Even if unsuccessful in the application, I will be following the proceedings with great interest, and will provide an overview of conference topics and links to the coverage from the various blogs that will cover the event. Good luck to all applicants!

If you would like to be involved,  please visit the Fondazione Florens website for more information: link and follow @FFlorens on Twitter to keep up to date with latest news and developments.

Summary of links
Team Florens information/application page at Fondazione Florens website link 
Polo Museale Fiorentino (PMF) Official Site link
Digital Archives at PMF Site link
YouTube Channel of PMF link
Uffizi Touch App page iTunes link
Uffizi Gallery Section at the Google Art Project link

11 comments:

Sedef said...

Hasan,

This will be an amazing opportunity both for you and for the Fondazione (your Raphael Symposium reports were so vivid that I can't wait to read about this)

Thanks for the links - I just looked thorough their website and wish I had the time in November so I could also apply. Their themes are amazing and I am sure reading your reports will be the next best thing to going.

Team Florens? What a great name for such an endevour.

I will be retweeting your posts to all my followers and fellow students both at Rutgers and Koc.

Good Luck,

Sedef

Anonymous said...

Wow! What an opportunity H! This is definitely a unique move from the organisers in Florence. It's about time the cultural/economic sector recognised what bloggers can do!

Your coverage of the Prado symposium really made me feel like I was there, so having you reporting from Florence would be a real treat.

Good luck to H and all the applicants. I cant wait to hear about the outcome and read the reports!

Stephanie S

Dr. F said...

Hasan:

This sounds like a great opportunity for both you and for the Florentine organizers. They will be hard pressed to find someone with your passionate devotion to the art of the Renaissance, and your knowledge of web technology.

Your coverage of the Prado symposium should be all your application needs.

Frank

Frank

Alexandra x TeamFlorens said...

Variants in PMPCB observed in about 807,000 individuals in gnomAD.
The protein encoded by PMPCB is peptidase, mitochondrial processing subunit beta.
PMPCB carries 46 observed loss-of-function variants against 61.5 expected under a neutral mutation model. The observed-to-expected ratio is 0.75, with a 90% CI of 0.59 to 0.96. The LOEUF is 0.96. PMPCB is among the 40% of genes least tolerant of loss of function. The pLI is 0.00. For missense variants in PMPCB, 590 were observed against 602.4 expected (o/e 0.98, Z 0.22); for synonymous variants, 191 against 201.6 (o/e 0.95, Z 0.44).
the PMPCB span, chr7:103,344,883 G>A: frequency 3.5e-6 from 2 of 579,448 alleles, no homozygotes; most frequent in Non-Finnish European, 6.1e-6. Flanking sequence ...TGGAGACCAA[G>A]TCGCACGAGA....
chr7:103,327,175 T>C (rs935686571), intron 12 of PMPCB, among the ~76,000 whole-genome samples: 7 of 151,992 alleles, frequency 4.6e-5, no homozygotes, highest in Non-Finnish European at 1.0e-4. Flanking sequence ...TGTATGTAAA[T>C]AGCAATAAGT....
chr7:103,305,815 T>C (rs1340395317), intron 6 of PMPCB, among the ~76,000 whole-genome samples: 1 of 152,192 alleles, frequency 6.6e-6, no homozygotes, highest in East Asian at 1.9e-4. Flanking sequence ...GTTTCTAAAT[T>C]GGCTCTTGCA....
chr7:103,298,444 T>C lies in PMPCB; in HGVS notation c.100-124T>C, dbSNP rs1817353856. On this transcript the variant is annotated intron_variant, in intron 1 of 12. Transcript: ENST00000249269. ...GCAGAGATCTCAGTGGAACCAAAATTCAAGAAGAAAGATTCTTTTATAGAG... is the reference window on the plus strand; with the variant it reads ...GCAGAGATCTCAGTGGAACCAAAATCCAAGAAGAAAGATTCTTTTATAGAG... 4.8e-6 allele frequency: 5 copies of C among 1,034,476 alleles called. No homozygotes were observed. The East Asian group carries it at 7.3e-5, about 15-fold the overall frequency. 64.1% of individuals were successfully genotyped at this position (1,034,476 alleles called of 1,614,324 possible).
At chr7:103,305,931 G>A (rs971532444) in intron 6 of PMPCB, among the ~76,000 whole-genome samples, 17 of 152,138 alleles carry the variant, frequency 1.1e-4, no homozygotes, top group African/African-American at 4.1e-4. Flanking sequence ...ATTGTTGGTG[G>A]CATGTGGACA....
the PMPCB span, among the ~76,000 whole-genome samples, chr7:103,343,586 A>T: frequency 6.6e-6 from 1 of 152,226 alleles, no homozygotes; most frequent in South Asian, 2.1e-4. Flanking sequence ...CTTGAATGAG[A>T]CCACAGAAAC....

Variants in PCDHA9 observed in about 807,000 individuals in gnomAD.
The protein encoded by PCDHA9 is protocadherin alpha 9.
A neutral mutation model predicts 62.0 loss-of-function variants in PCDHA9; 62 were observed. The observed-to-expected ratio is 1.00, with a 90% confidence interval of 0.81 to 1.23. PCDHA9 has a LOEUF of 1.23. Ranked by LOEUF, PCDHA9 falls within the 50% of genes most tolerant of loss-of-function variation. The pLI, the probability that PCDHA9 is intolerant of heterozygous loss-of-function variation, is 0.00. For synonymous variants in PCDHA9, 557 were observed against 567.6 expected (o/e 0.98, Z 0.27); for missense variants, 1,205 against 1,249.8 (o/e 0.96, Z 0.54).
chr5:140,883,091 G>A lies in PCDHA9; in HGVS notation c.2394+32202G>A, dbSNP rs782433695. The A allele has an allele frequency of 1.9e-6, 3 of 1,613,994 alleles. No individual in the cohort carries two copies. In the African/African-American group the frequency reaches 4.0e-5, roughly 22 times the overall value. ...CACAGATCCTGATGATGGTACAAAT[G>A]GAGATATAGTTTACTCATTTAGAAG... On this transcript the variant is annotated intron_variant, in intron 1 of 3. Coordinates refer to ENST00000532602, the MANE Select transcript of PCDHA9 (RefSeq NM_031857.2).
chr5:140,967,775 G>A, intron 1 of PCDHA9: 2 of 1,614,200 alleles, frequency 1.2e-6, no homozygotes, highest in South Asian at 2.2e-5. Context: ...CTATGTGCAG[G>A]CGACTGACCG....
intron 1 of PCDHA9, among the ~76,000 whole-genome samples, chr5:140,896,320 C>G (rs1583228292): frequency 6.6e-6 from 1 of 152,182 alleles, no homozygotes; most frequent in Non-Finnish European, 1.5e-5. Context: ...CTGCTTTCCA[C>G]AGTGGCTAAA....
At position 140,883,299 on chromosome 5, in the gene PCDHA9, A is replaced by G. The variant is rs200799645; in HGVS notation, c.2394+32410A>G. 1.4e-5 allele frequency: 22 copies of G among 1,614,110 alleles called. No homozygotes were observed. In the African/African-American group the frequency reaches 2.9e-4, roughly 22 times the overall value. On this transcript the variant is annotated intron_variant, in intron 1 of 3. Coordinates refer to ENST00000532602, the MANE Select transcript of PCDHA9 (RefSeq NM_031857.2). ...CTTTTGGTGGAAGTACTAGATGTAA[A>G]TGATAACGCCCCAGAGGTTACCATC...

Dear Hasan
Thank you for this, the first post online so far as a Team Florens application!

As I expected, there are already comments and 3pp readers ARE interested in Florens themes! Thank you Sedef, Stephanie and Frank for your comments. Please do spread the word about the contest and encourage Hasan as a contestant.

As a contemporary resident of Florence i can see how it would look to an outsider that nothing innovative is happening here. In the world of the arts, perhaps this is true. In terms of innovation from a business perspective, Tuscany is positioned better than the rest of Italy, and the city is quite vibrant now, so perhaps we are gearing up for a sort of next 'renaissance'.

AMK

Anonymous said...

Where there is exciting new ideas in art/history online, it seems "Three Pipe Problem" is always involved!

This is an interesting development from the Fondazione, and may set a positive standard for other conferences. I can estimate there must be some very talented person who convinced the organisation about this! I wish they worked in my department!

Good luck to you Hasan Niyazi in this application. As Dr. F has already stated - your hard work in Madrid is a clear example you are a qualified candidate for this assignment.

Mauro

P. M. Doolan said...

Fantastic links. Much obliged.

Alberti's Window said...

Good luck in your application, H! You have already proven your dedication to learning, academic conferences, and art history through your excellent coverage of the Madrid conference on Raphael.

You have raised some interesting questions in this post, too. Of course, as a historian, I am interested in what types of historical influences may have impacted the level of innovation found within a geographic center. It would be interesting to explore how economy is affecting artistic innovation (both today and in the Renaissance). If today's Florence has the funding (and strong enough economy) to embrace new media strategies, it seems like cultural innovation is bound do happen and continue to happen. Let's hope that the economic downturn doesn't negatively affect what innovation can take place.

Best wishes!
Monica
www.albertis-window.com

Bender said...

Good luck! and best wishes.
Sincerely,
K. Bender

Benjamin (Ben) said...

Thanks for these astute observations and for the excellent links.

I'm interested in the connections between Florence's current self-perception and the strong civic self-consciousness evident in the Renaissance (to take just one example: Alberti's preface to "On Painting").

I hope to hear more about these issues in Three Pipe Problem, and can think of no better blog to cover the conference than 3PP.... Good luck!

Ben

Hasan Niyazi said...

Many thanks to all for the kind comments and encouragement!

It would indeed be a fabulous opportunity - not only for the participating bloggers individually, but to advance the cause of using the web to promote such events and spread information.

Kind Regards
H

Anonymous said...

Let me add my best wishes for your application, Hasan.

I won't be able to get back to Florence anytime soon, but I would trust in your ability to accurately report and critique the Fondazione conference.